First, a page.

VMware has added a large language model (LLM), available in beta, that it has trained to bring generative artificial intelligence (AI) capabilities to the Tanzu platform, along with extensions to agent software based on the company’s machine learning algorithms to now make it simpler to set up the VMware Tanzu GemFire Vector DB Extension that can be used to extend the capabilities of an LLM.
In addition, VMware has added support for a Spring runtime for Java applications to Tanzu along with Deployment Frequency and Lead Time for Changes metrics based on the DevOps Research and Assessment (DORA) framework defined by Google.
The Tanzu Hub, meanwhile, now has a revamped user interface along with integrations with the Tanzu Insights observability platform and the Tanzu CloudHealth management tools. VMware has also enhanced Intelligent Assist in Tanzu to make it simpler to search external sources to help diagnose and resolve issues.
VMware also has a GreenOps tool, in beta, for tracking energy consumption, along with a VMware Tanzu Guardrails tool to simplify governance and compliance. There is also now a VMware Tanzu Application Catalog for tracking open source artifacts and viewing an inventory of software bills of materials (SBOMs).
The company is also making available a technology preview of VMware Tanzu Data Hub to streamline the management of VMware Tanzu and data services across multiple clouds and Kubernetes environments.
Finally, VMware has also added support for Postgres databases to the database-as-a-service (DBaaS) platform it provides for Tanzu and support for the Oracle Cloud VMware Solution to improve availability of Kubernetes clusters.
Betty Junod, vice president of marketing for the Modern Apps and Management Business Group at VMware, said VMware is pursuing a three-tier approach based on managing core Kubernetes infrastructure, the data services required by applications and additional intelligence services for optimizing the overall environment. Kubernetes today is essentially plumbing that requires a range of capabilities to make it feasible to build and deploy cloud-native applications in an enterprise computing environment, she added.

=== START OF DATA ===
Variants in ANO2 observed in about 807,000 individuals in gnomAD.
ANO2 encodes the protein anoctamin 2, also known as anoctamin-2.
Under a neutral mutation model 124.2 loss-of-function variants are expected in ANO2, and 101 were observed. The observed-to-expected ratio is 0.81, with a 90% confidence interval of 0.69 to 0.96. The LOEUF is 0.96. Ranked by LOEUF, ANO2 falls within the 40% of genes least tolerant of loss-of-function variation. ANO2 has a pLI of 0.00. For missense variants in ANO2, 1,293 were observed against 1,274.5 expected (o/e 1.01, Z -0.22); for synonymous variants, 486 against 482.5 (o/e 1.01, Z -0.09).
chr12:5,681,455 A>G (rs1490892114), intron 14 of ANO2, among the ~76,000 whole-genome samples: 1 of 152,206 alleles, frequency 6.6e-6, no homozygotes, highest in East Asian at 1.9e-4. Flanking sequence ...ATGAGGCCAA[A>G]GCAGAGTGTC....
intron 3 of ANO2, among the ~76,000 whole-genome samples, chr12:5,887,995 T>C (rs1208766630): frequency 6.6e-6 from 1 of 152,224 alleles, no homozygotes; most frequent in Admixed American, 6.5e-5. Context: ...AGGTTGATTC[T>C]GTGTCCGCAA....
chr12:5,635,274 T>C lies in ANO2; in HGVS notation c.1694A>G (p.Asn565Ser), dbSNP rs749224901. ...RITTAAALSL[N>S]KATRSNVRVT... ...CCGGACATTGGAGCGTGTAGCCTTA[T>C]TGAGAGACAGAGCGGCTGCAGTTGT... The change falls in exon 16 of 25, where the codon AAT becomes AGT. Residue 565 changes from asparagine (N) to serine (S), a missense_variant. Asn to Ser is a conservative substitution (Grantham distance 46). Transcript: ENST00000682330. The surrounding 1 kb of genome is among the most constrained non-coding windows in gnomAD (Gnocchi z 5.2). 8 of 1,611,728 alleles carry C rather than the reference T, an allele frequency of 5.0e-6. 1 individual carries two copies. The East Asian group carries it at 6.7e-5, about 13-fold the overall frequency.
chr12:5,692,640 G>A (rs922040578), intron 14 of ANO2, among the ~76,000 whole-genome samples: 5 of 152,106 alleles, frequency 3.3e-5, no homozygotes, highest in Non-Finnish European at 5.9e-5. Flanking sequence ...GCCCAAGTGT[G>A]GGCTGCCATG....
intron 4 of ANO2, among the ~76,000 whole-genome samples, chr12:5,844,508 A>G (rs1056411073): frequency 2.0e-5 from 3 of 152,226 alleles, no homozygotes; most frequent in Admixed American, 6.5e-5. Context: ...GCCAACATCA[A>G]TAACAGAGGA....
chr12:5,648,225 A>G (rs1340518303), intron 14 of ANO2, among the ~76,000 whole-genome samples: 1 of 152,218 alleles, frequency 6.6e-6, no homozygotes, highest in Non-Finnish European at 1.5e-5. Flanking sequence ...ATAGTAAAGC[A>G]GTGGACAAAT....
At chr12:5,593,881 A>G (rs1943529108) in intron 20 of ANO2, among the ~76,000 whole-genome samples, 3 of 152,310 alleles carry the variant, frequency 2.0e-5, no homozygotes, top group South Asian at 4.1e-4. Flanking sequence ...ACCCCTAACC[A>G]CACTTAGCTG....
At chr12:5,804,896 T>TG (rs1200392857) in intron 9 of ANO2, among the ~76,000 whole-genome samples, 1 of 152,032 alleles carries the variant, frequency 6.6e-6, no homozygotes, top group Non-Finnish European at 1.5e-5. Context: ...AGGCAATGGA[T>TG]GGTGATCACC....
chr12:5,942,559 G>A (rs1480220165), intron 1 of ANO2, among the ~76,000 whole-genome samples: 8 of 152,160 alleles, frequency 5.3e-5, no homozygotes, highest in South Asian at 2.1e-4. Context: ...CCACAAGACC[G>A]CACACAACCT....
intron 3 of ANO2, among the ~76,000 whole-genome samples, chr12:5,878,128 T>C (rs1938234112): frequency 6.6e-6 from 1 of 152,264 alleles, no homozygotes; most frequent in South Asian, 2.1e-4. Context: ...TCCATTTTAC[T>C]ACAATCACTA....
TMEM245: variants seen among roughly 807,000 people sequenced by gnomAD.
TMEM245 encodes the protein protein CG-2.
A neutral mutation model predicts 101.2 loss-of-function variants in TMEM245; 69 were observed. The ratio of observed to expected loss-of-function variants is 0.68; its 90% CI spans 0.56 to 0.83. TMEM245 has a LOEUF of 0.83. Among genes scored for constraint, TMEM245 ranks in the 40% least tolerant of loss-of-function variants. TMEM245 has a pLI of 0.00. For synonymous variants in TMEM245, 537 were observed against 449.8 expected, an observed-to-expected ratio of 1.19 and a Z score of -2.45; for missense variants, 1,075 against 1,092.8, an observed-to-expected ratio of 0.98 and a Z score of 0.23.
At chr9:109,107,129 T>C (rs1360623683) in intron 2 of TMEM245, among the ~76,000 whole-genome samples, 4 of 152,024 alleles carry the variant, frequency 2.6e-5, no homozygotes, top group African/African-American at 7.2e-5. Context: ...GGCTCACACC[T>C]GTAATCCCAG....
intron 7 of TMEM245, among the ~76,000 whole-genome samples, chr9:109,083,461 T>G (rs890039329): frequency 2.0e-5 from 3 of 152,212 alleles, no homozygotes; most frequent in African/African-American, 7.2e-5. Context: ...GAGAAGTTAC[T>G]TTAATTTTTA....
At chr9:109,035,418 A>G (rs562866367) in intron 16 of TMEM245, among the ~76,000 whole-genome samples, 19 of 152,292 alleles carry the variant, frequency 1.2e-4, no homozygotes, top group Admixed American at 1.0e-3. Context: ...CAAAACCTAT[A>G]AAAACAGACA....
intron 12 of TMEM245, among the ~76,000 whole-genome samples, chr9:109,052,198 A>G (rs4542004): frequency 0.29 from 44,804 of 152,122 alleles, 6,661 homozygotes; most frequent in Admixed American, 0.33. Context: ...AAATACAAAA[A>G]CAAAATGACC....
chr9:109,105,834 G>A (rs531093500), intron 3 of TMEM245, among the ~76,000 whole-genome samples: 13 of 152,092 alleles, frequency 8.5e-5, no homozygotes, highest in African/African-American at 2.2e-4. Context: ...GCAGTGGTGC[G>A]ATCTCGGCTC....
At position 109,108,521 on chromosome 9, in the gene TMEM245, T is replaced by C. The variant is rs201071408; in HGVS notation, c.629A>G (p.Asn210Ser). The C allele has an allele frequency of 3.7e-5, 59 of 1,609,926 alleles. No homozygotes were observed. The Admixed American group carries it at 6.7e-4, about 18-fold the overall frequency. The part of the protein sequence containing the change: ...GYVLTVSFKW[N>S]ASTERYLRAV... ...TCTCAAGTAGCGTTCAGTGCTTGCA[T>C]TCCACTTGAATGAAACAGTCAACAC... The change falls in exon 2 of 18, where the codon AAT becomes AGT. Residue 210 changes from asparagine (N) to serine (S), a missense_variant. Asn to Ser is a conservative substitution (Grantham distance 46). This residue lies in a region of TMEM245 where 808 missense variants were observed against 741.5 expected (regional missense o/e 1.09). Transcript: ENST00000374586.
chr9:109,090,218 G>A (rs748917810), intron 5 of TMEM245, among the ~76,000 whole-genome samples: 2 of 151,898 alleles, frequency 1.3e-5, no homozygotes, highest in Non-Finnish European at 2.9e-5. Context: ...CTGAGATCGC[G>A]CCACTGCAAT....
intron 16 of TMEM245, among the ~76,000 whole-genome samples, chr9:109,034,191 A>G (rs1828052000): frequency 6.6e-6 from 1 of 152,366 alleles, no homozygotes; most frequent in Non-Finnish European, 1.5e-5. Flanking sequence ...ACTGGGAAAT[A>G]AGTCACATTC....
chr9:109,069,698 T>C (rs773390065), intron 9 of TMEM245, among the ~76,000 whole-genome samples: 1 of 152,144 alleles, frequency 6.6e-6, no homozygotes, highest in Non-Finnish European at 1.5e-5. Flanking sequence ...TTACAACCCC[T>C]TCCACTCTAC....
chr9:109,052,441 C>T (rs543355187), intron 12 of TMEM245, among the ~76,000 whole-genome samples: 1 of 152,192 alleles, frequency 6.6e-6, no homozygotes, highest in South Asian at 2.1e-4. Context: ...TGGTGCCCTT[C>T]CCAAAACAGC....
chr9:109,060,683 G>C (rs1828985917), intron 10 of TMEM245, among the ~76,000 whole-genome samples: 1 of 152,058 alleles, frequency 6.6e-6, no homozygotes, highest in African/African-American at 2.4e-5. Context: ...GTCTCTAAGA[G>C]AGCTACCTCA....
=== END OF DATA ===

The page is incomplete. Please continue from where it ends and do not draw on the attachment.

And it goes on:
The overall goal is to provide the developers that build these applications with a better experience, said Junod.
In general, the rate at which applications are being deployed in Kubernetes environments is increasing, thanks in part to the rise of AI applications. Most of the applications being infused with AI models are being constructed using containers, which makes them easier to build, deploy and maintain.
Arguably, the biggest inhibitor to building cloud-native applications has been the tools provided to developers. VMware is making a case for a centralized approach to managing the overall Kubernetes environment to enable IT teams to reduce the cognitive load that developers would otherwise need to build and deploy applications.
It’s not clear at what rate organizations are centralizing the management of Kubernetes environments, but with the rise of platform engineering as a methodology for managing DevOps workflows at scale, there is a lot more interest. The challenge, as always, is determining which services to make available to which developers based on the nature of the applications being created.